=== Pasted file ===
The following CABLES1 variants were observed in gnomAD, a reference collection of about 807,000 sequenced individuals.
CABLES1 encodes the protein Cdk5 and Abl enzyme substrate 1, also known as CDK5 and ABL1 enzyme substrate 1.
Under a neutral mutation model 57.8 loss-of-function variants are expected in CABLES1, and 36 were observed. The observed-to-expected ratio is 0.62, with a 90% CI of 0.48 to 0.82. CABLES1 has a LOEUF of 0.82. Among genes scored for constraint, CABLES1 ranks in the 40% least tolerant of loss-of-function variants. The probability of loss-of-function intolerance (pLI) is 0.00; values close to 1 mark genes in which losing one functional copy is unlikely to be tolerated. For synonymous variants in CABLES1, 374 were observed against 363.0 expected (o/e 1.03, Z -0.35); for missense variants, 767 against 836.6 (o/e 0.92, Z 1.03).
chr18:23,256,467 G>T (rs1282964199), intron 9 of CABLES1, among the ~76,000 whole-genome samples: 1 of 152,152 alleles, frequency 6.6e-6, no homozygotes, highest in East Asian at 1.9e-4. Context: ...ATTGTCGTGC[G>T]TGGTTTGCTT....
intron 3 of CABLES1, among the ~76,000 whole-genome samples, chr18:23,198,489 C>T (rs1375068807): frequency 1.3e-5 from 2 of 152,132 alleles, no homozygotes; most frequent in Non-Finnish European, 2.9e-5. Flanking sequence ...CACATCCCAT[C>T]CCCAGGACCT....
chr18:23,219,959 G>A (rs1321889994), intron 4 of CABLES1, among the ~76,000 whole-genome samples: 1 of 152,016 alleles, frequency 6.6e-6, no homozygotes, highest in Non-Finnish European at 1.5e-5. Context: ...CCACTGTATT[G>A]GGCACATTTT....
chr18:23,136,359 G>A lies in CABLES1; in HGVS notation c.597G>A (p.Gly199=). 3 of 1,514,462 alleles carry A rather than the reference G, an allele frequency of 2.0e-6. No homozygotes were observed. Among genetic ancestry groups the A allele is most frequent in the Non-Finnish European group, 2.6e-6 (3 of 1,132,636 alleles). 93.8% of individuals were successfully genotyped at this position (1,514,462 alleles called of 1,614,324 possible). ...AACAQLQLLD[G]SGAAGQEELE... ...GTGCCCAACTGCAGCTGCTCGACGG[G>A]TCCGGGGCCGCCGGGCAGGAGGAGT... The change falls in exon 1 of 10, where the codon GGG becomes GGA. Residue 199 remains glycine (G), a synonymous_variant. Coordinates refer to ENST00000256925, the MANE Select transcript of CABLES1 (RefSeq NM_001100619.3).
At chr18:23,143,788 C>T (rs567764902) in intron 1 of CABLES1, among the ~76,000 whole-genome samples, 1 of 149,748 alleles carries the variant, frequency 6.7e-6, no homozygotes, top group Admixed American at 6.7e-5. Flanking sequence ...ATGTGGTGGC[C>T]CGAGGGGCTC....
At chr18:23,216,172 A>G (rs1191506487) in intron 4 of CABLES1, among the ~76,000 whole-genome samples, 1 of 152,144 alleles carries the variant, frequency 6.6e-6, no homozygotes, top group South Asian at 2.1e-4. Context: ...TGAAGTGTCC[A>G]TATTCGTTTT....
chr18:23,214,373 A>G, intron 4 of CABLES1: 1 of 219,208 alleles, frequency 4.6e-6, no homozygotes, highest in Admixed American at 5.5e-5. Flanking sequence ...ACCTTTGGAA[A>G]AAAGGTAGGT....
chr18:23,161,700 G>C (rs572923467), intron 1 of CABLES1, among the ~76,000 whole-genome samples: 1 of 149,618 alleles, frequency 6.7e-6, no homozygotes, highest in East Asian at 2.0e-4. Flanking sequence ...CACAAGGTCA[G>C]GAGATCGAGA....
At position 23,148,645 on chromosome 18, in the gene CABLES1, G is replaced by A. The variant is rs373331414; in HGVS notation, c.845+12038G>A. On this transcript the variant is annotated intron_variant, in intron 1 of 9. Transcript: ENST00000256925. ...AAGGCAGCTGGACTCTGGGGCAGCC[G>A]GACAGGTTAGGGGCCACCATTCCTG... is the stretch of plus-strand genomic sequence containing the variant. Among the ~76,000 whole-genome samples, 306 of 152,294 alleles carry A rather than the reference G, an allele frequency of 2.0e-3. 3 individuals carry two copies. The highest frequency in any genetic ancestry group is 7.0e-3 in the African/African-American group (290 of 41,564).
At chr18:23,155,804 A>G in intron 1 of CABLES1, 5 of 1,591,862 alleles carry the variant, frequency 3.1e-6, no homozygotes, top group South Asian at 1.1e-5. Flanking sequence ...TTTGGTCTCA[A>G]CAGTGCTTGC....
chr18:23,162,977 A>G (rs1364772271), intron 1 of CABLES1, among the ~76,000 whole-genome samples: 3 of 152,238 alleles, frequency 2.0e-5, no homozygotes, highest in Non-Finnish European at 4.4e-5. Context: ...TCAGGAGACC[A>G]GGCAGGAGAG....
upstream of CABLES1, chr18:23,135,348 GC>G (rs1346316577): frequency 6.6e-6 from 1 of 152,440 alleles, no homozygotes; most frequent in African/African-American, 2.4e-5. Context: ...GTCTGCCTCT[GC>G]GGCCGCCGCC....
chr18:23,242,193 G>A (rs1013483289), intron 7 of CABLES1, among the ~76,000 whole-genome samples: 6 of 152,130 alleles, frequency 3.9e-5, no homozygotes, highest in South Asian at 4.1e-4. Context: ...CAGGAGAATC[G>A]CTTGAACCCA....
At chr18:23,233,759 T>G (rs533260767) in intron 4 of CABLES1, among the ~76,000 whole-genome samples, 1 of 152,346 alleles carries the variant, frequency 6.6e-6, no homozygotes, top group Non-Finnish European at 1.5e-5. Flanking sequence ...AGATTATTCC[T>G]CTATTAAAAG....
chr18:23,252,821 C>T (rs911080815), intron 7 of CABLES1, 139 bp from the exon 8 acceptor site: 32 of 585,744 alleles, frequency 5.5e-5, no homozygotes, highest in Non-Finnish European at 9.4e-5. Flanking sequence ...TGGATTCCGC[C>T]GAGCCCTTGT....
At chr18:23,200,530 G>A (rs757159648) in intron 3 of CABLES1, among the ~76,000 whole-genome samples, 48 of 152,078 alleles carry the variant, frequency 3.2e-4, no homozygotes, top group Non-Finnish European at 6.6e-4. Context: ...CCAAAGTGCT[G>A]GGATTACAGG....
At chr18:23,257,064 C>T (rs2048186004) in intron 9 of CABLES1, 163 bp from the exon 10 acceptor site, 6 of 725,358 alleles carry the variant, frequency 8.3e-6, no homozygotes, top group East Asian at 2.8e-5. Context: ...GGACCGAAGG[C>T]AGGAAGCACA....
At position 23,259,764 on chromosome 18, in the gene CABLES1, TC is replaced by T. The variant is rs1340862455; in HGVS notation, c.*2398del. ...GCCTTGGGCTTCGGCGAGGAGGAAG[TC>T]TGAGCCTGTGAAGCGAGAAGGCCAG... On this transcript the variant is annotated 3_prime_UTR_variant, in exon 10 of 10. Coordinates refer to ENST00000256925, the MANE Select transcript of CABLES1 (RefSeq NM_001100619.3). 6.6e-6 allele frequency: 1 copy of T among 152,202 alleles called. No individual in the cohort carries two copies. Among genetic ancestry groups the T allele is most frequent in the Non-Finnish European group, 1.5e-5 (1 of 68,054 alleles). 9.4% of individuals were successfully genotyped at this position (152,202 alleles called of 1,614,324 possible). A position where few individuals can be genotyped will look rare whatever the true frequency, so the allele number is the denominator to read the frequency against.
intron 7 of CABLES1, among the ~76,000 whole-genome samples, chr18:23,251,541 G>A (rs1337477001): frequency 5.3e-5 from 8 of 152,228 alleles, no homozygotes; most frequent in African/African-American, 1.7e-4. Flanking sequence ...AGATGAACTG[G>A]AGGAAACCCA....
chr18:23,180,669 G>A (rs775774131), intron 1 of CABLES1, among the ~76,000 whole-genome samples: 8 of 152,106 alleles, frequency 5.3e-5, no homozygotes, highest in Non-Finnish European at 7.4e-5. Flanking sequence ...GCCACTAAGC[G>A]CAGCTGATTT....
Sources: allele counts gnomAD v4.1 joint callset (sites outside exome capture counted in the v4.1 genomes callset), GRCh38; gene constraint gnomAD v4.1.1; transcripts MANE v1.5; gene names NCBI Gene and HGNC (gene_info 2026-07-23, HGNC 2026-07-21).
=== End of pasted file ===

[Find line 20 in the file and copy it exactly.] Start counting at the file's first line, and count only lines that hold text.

At chr18:23,257,064 C>T (rs2048186004) in intron 9 of CABLES1, 163 bp from the exon 10 acceptor site, 6 of 725,358 alleles carry the variant, frequency 8.3e-6, no homozygotes, top group East Asian at 2.8e-5. Context: ...GGACCGAAGG[C>T]AGGAAGCACA....